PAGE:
Astrometric methods and instrumentation to identify and characterize extrasolar planets: a review.
Abstract (from CDS):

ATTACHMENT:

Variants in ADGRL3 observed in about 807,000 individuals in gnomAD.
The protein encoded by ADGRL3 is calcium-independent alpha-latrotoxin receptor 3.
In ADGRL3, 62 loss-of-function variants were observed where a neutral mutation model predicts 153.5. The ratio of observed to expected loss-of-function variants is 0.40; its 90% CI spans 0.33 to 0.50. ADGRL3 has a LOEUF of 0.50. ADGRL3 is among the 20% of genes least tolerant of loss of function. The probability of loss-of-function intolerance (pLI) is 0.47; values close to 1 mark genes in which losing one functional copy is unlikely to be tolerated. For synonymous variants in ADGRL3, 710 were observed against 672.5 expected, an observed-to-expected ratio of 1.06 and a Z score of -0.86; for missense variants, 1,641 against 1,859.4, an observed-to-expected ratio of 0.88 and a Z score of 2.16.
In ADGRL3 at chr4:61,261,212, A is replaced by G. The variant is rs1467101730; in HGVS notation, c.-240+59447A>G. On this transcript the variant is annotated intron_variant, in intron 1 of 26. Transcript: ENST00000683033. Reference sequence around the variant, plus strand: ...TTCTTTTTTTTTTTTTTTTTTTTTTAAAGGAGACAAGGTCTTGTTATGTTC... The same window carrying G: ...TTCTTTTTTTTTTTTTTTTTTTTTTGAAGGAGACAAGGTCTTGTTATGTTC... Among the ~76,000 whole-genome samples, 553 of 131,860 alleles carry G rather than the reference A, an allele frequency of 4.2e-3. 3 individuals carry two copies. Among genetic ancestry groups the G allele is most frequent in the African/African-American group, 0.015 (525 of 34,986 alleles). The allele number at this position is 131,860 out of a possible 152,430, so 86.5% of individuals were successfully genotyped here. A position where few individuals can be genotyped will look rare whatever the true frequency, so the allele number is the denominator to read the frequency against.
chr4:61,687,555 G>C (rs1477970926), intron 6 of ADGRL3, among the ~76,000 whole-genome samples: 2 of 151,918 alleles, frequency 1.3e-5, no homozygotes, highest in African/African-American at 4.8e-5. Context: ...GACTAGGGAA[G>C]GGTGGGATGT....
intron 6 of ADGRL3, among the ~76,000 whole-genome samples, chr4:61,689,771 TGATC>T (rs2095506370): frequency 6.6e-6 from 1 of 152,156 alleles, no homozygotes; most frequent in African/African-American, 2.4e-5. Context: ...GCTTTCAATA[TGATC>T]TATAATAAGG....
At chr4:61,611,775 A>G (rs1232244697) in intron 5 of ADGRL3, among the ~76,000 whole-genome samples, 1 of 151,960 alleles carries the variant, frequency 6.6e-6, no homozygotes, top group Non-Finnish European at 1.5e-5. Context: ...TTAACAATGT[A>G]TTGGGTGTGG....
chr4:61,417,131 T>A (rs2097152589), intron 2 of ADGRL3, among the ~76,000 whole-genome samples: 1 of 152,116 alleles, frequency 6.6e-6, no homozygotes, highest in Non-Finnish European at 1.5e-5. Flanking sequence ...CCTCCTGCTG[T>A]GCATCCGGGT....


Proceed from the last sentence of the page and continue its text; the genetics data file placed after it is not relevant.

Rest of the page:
I present a review of astrometric techniques and instrumentation used to search for, detect, and characterize extrasolar planets. First, I briefly summarize the properties of the current sample of extrasolar planets, in connection with predictions from theoretical models of planet formation and evolution. Next, the generic approach to planet detection with astrometry is described, with significant discussion of a variety of technical, statistical, and astrophysical issues to be faced by future ground-based and space-borne efforts in order to achieve the required degree of measurement precision. After a brief summary of past and present efforts to detect planets via milliarcsecond astrometry, I then discuss the planet-finding capabilities of future astrometric observatories aiming at microarcsecond precision. Finally, I outline a number of experiments that can be conducted by means of high-precision astrometry during the next decade, to illustrate its potential for important contributions to planetary science, compared to other indirect and direct methods for the detection and characterization of planetary systems.